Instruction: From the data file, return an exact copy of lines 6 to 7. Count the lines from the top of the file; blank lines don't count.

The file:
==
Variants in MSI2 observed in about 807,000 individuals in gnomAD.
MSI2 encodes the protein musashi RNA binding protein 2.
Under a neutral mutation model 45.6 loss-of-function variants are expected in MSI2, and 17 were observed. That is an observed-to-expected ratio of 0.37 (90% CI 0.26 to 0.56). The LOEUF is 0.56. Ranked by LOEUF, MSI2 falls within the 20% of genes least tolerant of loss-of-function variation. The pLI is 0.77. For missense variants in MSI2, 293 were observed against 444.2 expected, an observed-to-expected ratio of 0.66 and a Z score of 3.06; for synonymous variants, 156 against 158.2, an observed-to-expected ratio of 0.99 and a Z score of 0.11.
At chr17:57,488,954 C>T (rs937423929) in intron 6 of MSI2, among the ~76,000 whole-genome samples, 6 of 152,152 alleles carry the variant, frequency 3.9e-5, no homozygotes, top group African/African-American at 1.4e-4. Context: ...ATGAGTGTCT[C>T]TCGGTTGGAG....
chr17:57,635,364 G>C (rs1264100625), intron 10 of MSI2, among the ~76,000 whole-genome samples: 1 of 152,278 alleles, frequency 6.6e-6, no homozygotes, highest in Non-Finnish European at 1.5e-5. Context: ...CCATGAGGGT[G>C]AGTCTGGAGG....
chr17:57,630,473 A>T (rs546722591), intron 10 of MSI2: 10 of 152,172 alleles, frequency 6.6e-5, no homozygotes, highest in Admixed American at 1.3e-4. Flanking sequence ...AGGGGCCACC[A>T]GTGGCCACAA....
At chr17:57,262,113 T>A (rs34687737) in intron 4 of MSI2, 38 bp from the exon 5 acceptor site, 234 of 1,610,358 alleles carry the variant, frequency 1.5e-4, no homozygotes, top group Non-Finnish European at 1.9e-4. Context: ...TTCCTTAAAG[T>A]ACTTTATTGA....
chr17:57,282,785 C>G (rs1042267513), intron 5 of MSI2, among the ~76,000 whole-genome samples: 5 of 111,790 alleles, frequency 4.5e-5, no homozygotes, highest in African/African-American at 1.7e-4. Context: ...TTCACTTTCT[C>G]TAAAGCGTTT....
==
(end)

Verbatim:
chr17:57,630,473 A>T (rs546722591), intron 10 of MSI2: 10 of 152,172 alleles, frequency 6.6e-5, no homozygotes, highest in Admixed American at 1.3e-4. Flanking sequence ...AGGGGCCACC[A>T]GTGGCCACAA....
At chr17:57,262,113 T>A (rs34687737) in intron 4 of MSI2, 38 bp from the exon 5 acceptor site, 234 of 1,610,358 alleles carry the variant, frequency 1.5e-4, no homozygotes, top group Non-Finnish European at 1.9e-4. Context: ...TTCCTTAAAG[T>A]ACTTTATTGA....